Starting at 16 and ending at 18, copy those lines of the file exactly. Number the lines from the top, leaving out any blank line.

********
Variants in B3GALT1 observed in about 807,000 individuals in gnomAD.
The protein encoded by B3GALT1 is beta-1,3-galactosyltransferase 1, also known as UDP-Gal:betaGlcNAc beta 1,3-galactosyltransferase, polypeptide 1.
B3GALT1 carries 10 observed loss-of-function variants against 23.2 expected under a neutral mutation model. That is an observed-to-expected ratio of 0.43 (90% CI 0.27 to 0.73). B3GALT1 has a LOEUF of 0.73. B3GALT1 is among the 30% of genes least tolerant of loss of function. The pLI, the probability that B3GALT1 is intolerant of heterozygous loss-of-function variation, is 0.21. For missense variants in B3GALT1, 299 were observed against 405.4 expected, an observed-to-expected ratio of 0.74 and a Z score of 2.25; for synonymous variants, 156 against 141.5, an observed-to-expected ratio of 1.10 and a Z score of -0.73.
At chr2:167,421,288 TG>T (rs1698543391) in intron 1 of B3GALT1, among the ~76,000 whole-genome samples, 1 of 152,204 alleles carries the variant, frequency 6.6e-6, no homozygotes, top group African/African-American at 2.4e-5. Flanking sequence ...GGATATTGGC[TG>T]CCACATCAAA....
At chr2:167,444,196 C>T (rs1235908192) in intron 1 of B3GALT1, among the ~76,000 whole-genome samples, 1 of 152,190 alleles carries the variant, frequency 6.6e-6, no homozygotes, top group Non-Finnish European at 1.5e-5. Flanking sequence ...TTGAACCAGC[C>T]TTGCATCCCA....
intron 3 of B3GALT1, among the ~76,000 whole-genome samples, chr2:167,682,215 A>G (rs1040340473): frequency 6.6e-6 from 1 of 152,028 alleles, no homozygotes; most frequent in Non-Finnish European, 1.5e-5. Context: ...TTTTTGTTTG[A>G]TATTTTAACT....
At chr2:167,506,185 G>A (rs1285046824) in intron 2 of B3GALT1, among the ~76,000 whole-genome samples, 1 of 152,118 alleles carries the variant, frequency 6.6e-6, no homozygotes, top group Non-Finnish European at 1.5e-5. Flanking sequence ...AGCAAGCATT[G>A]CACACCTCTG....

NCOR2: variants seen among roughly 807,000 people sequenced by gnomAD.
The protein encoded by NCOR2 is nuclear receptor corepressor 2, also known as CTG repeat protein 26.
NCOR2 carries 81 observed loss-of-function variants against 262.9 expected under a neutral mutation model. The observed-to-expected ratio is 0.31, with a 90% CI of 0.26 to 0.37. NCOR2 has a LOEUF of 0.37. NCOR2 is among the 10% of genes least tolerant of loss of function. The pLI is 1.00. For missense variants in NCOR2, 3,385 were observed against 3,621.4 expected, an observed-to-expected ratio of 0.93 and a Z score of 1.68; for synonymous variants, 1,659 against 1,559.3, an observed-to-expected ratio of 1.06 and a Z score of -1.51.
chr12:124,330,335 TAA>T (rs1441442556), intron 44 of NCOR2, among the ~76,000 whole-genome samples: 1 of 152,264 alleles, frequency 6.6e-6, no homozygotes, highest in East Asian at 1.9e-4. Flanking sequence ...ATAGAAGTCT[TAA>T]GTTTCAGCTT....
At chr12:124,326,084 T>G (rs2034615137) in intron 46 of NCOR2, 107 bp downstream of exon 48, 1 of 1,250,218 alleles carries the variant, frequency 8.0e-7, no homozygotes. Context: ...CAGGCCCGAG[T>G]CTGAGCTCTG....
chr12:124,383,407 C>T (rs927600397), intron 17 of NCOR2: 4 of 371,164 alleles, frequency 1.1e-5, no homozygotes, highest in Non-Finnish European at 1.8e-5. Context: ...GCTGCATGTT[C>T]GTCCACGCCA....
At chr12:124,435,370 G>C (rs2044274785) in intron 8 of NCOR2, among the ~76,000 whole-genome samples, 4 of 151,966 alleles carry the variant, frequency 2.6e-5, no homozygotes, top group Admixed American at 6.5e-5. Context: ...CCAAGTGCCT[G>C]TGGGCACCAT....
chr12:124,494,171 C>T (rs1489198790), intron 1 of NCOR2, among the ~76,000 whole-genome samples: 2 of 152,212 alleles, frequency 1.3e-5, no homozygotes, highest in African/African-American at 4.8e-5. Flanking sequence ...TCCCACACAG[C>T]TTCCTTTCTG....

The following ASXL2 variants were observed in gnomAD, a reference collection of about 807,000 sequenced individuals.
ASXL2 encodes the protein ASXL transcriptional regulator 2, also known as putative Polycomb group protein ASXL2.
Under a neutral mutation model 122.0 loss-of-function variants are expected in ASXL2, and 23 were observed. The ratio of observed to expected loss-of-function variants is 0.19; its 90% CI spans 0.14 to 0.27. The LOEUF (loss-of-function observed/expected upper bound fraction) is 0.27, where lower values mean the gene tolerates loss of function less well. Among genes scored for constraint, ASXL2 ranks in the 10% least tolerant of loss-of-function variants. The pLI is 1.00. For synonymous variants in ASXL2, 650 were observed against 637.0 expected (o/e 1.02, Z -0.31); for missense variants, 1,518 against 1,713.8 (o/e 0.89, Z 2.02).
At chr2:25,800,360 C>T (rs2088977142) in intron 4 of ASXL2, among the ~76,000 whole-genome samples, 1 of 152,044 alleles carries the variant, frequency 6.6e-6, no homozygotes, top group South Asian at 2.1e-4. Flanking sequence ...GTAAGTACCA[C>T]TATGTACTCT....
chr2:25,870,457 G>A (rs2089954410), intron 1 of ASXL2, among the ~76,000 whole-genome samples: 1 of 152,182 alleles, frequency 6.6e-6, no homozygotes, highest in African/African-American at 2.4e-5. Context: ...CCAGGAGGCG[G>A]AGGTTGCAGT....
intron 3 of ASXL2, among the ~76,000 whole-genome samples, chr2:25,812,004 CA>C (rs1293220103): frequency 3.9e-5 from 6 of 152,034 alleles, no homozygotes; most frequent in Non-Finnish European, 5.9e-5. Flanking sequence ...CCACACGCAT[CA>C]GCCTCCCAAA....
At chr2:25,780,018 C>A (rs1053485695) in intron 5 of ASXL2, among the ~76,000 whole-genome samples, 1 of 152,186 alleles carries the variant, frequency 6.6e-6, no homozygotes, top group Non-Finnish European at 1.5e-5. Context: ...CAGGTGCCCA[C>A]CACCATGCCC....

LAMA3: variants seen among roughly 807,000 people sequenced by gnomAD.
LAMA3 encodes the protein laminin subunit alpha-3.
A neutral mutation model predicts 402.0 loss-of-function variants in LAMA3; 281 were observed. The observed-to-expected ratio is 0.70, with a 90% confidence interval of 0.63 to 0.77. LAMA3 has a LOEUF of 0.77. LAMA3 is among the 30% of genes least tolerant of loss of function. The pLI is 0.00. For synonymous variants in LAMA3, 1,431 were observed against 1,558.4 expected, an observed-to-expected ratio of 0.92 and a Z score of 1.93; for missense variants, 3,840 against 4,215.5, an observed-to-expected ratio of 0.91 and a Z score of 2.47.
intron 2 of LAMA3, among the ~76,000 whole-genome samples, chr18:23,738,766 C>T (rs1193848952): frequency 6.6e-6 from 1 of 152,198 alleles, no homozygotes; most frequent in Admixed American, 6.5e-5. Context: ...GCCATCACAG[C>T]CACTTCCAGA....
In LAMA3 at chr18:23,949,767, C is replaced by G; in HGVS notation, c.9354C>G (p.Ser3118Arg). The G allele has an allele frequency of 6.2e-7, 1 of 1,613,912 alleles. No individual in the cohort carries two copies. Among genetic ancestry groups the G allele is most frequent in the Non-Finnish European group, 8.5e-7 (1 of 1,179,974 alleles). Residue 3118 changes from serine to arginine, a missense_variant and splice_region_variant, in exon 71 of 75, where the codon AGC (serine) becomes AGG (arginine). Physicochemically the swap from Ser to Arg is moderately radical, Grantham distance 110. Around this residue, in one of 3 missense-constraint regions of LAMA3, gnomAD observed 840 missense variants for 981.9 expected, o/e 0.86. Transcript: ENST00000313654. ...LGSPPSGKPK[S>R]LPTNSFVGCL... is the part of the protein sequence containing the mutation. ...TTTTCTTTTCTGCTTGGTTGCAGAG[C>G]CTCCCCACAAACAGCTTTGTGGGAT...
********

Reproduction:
The following ASXL2 variants were observed in gnomAD, a reference collection of about 807,000 sequenced individuals.
ASXL2 encodes the protein ASXL transcriptional regulator 2, also known as putative Polycomb group protein ASXL2.
Under a neutral mutation model 122.0 loss-of-function variants are expected in ASXL2, and 23 were observed. The ratio of observed to expected loss-of-function variants is 0.19; its 90% CI spans 0.14 to 0.27. The LOEUF (loss-of-function observed/expected upper bound fraction) is 0.27, where lower values mean the gene tolerates loss of function less well. Among genes scored for constraint, ASXL2 ranks in the 10% least tolerant of loss-of-function variants. The pLI is 1.00. For synonymous variants in ASXL2, 650 were observed against 637.0 expected (o/e 1.02, Z -0.31); for missense variants, 1,518 against 1,713.8 (o/e 0.89, Z 2.02).